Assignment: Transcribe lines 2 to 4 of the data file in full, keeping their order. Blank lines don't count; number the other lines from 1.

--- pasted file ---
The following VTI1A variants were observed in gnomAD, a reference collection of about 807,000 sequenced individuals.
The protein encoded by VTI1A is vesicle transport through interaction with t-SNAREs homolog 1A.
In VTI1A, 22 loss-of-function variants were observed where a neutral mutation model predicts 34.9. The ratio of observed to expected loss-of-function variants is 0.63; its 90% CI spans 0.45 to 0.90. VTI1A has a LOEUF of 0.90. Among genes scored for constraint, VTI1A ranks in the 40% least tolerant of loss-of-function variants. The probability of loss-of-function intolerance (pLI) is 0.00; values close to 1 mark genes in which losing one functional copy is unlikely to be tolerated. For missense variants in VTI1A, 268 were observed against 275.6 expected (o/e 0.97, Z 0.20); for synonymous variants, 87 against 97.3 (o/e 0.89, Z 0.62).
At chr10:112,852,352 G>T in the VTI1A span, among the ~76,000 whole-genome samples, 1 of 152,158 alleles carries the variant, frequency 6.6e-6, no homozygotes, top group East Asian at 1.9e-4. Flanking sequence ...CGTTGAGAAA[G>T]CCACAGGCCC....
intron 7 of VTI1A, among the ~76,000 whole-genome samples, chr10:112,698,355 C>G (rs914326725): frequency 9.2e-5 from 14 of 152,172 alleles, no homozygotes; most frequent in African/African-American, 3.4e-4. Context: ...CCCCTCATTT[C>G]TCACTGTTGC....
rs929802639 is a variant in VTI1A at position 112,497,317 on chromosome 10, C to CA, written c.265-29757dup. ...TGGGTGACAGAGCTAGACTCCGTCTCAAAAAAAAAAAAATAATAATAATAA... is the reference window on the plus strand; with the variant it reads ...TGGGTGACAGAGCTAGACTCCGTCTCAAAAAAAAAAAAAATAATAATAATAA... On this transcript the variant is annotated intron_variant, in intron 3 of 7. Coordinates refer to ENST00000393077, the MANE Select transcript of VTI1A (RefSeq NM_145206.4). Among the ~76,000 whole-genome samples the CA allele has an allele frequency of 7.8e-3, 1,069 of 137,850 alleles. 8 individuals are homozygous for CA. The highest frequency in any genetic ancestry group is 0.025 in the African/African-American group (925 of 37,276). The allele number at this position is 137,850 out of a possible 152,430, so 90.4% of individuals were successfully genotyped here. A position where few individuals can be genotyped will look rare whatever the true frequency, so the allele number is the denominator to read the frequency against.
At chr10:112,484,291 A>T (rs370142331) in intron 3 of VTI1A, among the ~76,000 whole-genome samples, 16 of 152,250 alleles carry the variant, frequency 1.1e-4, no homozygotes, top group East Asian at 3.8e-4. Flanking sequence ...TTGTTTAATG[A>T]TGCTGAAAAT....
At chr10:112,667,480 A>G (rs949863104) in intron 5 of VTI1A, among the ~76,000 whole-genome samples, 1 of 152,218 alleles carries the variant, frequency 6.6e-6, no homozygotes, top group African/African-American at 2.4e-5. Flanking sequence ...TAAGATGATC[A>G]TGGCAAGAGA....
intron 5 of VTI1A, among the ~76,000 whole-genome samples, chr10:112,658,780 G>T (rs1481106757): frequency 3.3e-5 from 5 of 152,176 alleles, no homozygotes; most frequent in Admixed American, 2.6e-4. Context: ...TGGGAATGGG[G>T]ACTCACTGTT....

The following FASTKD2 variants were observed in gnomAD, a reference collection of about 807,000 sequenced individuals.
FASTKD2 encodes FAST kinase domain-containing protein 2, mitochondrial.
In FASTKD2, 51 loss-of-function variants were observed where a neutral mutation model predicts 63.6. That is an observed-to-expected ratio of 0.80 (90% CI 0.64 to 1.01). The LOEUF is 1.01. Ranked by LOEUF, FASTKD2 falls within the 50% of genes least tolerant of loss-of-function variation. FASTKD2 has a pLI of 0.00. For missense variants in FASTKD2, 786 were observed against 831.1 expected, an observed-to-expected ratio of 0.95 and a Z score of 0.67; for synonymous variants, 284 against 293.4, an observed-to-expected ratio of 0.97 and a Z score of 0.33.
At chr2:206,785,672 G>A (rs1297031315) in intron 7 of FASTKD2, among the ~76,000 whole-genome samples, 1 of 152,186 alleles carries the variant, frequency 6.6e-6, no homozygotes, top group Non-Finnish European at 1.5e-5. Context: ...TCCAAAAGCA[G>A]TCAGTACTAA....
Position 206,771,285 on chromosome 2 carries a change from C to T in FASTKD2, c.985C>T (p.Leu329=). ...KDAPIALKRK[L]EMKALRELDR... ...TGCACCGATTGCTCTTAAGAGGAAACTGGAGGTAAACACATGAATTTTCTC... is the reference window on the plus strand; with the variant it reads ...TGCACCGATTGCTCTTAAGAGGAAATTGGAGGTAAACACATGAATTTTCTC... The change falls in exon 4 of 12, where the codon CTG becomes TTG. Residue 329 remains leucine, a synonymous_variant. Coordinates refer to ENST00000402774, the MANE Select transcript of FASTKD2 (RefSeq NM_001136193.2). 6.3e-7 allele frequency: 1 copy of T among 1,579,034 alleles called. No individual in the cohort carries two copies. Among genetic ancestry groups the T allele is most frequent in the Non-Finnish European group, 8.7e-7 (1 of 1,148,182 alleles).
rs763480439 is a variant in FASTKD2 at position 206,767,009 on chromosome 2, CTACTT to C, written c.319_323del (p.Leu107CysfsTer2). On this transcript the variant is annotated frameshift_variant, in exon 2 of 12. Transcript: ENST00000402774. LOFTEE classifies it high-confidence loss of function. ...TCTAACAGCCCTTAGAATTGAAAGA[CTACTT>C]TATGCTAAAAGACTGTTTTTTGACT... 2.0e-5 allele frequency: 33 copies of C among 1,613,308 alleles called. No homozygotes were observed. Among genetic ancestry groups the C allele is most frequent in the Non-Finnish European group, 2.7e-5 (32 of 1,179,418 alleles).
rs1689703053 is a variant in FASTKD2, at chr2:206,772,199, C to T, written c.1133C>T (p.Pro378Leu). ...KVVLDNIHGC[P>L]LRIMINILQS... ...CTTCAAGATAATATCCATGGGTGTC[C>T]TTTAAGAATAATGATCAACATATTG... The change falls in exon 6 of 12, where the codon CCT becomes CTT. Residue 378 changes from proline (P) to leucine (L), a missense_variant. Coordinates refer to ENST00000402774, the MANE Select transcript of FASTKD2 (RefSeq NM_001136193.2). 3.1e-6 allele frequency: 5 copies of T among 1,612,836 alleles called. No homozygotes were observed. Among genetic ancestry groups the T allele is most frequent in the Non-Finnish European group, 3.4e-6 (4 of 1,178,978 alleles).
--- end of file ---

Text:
The protein encoded by VTI1A is vesicle transport through interaction with t-SNAREs homolog 1A.
In VTI1A, 22 loss-of-function variants were observed where a neutral mutation model predicts 34.9. The ratio of observed to expected loss-of-function variants is 0.63; its 90% CI spans 0.45 to 0.90. VTI1A has a LOEUF of 0.90. Among genes scored for constraint, VTI1A ranks in the 40% least tolerant of loss-of-function variants. The probability of loss-of-function intolerance (pLI) is 0.00; values close to 1 mark genes in which losing one functional copy is unlikely to be tolerated. For missense variants in VTI1A, 268 were observed against 275.6 expected (o/e 0.97, Z 0.20); for synonymous variants, 87 against 97.3 (o/e 0.89, Z 0.62).
At chr10:112,852,352 G>T in the VTI1A span, among the ~76,000 whole-genome samples, 1 of 152,158 alleles carries the variant, frequency 6.6e-6, no homozygotes, top group East Asian at 1.9e-4. Flanking sequence ...CGTTGAGAAA[G>T]CCACAGGCCC....